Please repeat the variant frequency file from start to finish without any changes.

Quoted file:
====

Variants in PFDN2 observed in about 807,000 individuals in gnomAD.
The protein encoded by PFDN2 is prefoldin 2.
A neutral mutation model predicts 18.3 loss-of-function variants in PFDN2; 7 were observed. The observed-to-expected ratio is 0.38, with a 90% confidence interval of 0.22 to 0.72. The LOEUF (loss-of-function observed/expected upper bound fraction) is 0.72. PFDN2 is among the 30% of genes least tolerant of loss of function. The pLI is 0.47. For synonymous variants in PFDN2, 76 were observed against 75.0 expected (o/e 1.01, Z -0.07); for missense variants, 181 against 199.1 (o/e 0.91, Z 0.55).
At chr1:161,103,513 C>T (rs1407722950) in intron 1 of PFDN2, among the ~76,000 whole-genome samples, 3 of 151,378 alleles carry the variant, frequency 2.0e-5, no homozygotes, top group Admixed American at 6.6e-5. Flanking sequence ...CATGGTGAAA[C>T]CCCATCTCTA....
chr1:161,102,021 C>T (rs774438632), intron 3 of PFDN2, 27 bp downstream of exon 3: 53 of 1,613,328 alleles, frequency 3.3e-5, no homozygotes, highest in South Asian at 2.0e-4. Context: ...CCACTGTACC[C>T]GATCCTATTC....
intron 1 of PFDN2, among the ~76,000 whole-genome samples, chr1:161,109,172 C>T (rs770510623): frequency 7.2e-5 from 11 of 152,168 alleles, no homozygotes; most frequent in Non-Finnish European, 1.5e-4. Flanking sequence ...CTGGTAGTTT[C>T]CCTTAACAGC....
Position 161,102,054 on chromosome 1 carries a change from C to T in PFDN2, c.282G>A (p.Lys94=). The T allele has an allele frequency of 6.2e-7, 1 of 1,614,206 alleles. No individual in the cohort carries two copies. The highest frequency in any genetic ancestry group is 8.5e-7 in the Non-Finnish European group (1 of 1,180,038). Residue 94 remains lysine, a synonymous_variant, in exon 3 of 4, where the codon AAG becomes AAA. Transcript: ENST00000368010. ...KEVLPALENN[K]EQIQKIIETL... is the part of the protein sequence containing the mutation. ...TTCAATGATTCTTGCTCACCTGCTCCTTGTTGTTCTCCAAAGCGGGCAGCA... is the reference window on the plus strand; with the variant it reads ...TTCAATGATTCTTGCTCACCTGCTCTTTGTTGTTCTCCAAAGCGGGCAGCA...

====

Variants in PFDN2 observed in about 807,000 individuals in gnomAD.
The protein encoded by PFDN2 is prefoldin 2.
A neutral mutation model predicts 18.3 loss-of-function variants in PFDN2; 7 were observed. The observed-to-expected ratio is 0.38, with a 90% confidence interval of 0.22 to 0.72. The LOEUF (loss-of-function observed/expected upper bound fraction) is 0.72. PFDN2 is among the 30% of genes least tolerant of loss of function. The pLI is 0.47. For synonymous variants in PFDN2, 76 were observed against 75.0 expected (o/e 1.01, Z -0.07); for missense variants, 181 against 199.1 (o/e 0.91, Z 0.55).
At chr1:161,103,513 C>T (rs1407722950) in intron 1 of PFDN2, among the ~76,000 whole-genome samples, 3 of 151,378 alleles carry the variant, frequency 2.0e-5, no homozygotes, top group Admixed American at 6.6e-5. Flanking sequence ...CATGGTGAAA[C>T]CCCATCTCTA....
chr1:161,102,021 C>T (rs774438632), intron 3 of PFDN2, 27 bp downstream of exon 3: 53 of 1,613,328 alleles, frequency 3.3e-5, no homozygotes, highest in South Asian at 2.0e-4. Context: ...CCACTGTACC[C>T]GATCCTATTC....
intron 1 of PFDN2, among the ~76,000 whole-genome samples, chr1:161,109,172 C>T (rs770510623): frequency 7.2e-5 from 11 of 152,168 alleles, no homozygotes; most frequent in Non-Finnish European, 1.5e-4. Flanking sequence ...CTGGTAGTTT[C>T]CCTTAACAGC....
Position 161,102,054 on chromosome 1 carries a change from C to T in PFDN2, c.282G>A (p.Lys94=). The T allele has an allele frequency of 6.2e-7, 1 of 1,614,206 alleles. No individual in the cohort carries two copies. The highest frequency in any genetic ancestry group is 8.5e-7 in the Non-Finnish European group (1 of 1,180,038). Residue 94 remains lysine, a synonymous_variant, in exon 3 of 4, where the codon AAG becomes AAA. Transcript: ENST00000368010. ...KEVLPALENN[K]EQIQKIIETL... is the part of the protein sequence containing the mutation. ...TTCAATGATTCTTGCTCACCTGCTCCTTGTTGTTCTCCAAAGCGGGCAGCA... is the reference window on the plus strand; with the variant it reads ...TTCAATGATTCTTGCTCACCTGCTCTTTGTTGTTCTCCAAAGCGGGCAGCA...